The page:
It is no longer news that the Malawi Government is borrowing heavily from the domestic market. What is news and a matter of concern, though, is the impact of the borrowing on the economy.
With commercial bank lending rates pegged at above 40 percent, very few individuals and businesses can afford to get a loan.
Treasury bills (T-bill), instruments used by government to borrow money from the public, have once more become a very lucrative investment with earnings hovering around 45 percent and more! This is an indication of excessive borrowing from the domestic market by authorities through the Reserve Bank of Malawi (RBM).
The high cost of borrowing has effectively strangled the private sector which, at the prevailing rates, can hardly borrow for investment to grow their businesses.
The private sector has been crowded out, as it were. In the short to medium-terms, the tight monetary policy and weak fiscal performance will likely see the prevailing of the high interest rates and inflationary environment. At the end of the day, growth is being stifled as the private sector will no longer be investing in new ventures and expansion.
The ball is in government’s court to take its appetite for spending and borrowing through financial prudence.
On growth, the International Monetary Fund (IMF) has forecast Malawi ’s real gross domestic product (GDP) growth rate at 6.1 percent next year, representing a 4.1 percentage points increase over the rate achieved in 2012.
Well, this sounds good music to the ear. But, the risks remain the high inflation rates, continuing depreciation of the currency and high interest rates fuelled by excessive government borrowing.
Borrowing itself is not bad, as long as it adds value and the debt can be settled within an agreed time without driving the borrower into liquidation and utter ruin.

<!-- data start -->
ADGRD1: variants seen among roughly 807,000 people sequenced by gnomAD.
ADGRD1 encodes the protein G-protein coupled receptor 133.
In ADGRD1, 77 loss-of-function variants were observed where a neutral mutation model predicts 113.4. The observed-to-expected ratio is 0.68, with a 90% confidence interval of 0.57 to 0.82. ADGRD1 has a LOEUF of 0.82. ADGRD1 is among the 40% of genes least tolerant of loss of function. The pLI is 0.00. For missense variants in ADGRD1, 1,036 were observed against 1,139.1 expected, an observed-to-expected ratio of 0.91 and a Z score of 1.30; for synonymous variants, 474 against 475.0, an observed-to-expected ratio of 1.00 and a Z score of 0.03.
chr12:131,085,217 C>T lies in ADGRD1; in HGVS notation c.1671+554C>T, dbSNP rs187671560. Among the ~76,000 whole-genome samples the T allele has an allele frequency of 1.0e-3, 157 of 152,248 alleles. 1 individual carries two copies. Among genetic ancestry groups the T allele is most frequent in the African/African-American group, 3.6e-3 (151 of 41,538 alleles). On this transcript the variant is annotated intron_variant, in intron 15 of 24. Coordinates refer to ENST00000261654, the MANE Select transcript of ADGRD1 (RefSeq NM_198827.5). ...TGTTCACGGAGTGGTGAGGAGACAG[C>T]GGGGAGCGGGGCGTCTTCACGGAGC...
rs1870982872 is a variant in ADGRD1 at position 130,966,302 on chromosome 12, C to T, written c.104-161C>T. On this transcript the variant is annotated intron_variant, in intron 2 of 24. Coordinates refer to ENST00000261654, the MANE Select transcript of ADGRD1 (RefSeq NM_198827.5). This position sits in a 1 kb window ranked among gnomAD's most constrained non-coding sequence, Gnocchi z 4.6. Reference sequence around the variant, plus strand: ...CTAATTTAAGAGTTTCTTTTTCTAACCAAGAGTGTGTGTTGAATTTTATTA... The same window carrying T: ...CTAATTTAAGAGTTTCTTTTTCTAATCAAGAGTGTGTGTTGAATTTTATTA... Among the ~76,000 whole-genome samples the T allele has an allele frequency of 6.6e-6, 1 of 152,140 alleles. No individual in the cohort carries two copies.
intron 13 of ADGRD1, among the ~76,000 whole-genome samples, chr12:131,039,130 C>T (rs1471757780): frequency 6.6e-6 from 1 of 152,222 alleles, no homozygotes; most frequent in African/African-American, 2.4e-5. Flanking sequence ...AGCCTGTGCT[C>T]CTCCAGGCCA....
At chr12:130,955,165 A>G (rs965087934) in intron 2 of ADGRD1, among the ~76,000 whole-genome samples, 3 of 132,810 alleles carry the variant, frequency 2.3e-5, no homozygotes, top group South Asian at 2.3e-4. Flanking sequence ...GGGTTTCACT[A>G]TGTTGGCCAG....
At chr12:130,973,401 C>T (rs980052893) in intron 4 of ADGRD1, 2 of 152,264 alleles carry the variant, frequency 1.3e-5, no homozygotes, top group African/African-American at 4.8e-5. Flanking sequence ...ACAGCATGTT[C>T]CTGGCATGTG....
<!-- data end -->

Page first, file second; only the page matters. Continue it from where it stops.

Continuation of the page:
I was around in 2006 when 90 percent of our $3 billion foreign debt was written off under the Highly Indebted Poor Countries (Hipc) initiative. That was a big relief! But, sadly, since then, I have noted that we are slowly drifting back into heavy indebtedness.
There are also other realities to be considered when borrowing. Firstly, we have to appreciate that Malawi is not an island; it is part of a global family. Right now, some of the richest nations in the world, whom we still rely on for financial assistance nearly 49 years after attaining independence, are making drastic cuts to public expenditure, implementing austerity measures to save their people from drowning in the whirlpool of national debt. These are lessons we should be learning from them.
Since independence, Malawi has borrowed extensively to fund capital projects on grounds that these would benefit the nation, but what impact has all this had on the economy and on the people of this country? Has central government conducted studies to find out if we had returns on all these investments?
Today, we are saying we are “within the acceptable levels” to sustain our debt. I may not have been born many rains ago, but before reaching the pre-2006 unsustainable debt levels, the country was also in the current position. The current positive ratios are merely statistics worked out using a formula which can change any time.
The nation expects an explanation on why we continue borrowing. What are the funds being used for? What happened to the funds allocated to such projects? If there have been delays, what guarantee is there that everything will be alright?
If we are not careful, we run the risk of mortgaging this country and its people to Shylocks who will one day demand their pound of flesh.